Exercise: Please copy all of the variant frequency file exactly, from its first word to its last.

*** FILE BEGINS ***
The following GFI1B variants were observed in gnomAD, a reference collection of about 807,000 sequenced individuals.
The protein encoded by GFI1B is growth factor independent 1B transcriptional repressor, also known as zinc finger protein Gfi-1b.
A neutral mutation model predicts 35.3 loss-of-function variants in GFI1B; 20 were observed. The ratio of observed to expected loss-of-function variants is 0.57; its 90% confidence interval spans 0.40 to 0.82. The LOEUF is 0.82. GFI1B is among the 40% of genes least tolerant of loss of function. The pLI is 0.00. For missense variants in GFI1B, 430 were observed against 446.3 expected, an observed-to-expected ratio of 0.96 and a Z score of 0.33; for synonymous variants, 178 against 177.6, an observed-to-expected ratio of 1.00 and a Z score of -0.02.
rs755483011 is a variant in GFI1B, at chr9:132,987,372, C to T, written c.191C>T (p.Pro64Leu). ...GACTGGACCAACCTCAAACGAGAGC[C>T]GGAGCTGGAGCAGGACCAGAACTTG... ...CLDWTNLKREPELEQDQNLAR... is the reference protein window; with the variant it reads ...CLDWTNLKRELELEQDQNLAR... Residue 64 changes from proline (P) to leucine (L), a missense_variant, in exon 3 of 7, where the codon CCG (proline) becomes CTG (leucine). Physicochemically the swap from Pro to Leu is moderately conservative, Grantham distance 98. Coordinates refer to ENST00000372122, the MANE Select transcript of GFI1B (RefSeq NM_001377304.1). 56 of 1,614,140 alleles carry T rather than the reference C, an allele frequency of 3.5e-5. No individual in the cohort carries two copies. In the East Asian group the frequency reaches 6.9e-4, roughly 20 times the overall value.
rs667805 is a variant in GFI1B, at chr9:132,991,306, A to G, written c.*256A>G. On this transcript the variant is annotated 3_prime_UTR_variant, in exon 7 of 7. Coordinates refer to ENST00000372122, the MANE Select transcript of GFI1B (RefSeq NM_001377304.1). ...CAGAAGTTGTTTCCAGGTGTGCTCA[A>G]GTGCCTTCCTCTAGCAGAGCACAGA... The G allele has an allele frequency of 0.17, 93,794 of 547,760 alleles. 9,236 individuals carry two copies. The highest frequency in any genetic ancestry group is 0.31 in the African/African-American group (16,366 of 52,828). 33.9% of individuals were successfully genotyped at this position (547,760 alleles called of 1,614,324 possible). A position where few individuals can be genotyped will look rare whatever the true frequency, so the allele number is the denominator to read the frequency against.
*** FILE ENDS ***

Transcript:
The following GFI1B variants were observed in gnomAD, a reference collection of about 807,000 sequenced individuals.
The protein encoded by GFI1B is growth factor independent 1B transcriptional repressor, also known as zinc finger protein Gfi-1b.
A neutral mutation model predicts 35.3 loss-of-function variants in GFI1B; 20 were observed. The ratio of observed to expected loss-of-function variants is 0.57; its 90% confidence interval spans 0.40 to 0.82. The LOEUF is 0.82. GFI1B is among the 40% of genes least tolerant of loss of function. The pLI is 0.00. For missense variants in GFI1B, 430 were observed against 446.3 expected, an observed-to-expected ratio of 0.96 and a Z score of 0.33; for synonymous variants, 178 against 177.6, an observed-to-expected ratio of 1.00 and a Z score of -0.02.
rs755483011 is a variant in GFI1B, at chr9:132,987,372, C to T, written c.191C>T (p.Pro64Leu). ...GACTGGACCAACCTCAAACGAGAGC[C>T]GGAGCTGGAGCAGGACCAGAACTTG... ...CLDWTNLKREPELEQDQNLAR... is the reference protein window; with the variant it reads ...CLDWTNLKRELELEQDQNLAR... Residue 64 changes from proline (P) to leucine (L), a missense_variant, in exon 3 of 7, where the codon CCG (proline) becomes CTG (leucine). Physicochemically the swap from Pro to Leu is moderately conservative, Grantham distance 98. Coordinates refer to ENST00000372122, the MANE Select transcript of GFI1B (RefSeq NM_001377304.1). 56 of 1,614,140 alleles carry T rather than the reference C, an allele frequency of 3.5e-5. No individual in the cohort carries two copies. In the East Asian group the frequency reaches 6.9e-4, roughly 20 times the overall value.
rs667805 is a variant in GFI1B, at chr9:132,991,306, A to G, written c.*256A>G. On this transcript the variant is annotated 3_prime_UTR_variant, in exon 7 of 7. Coordinates refer to ENST00000372122, the MANE Select transcript of GFI1B (RefSeq NM_001377304.1). ...CAGAAGTTGTTTCCAGGTGTGCTCA[A>G]GTGCCTTCCTCTAGCAGAGCACAGA... The G allele has an allele frequency of 0.17, 93,794 of 547,760 alleles. 9,236 individuals carry two copies. The highest frequency in any genetic ancestry group is 0.31 in the African/African-American group (16,366 of 52,828). 33.9% of individuals were successfully genotyped at this position (547,760 alleles called of 1,614,324 possible). A position where few individuals can be genotyped will look rare whatever the true frequency, so the allele number is the denominator to read the frequency against.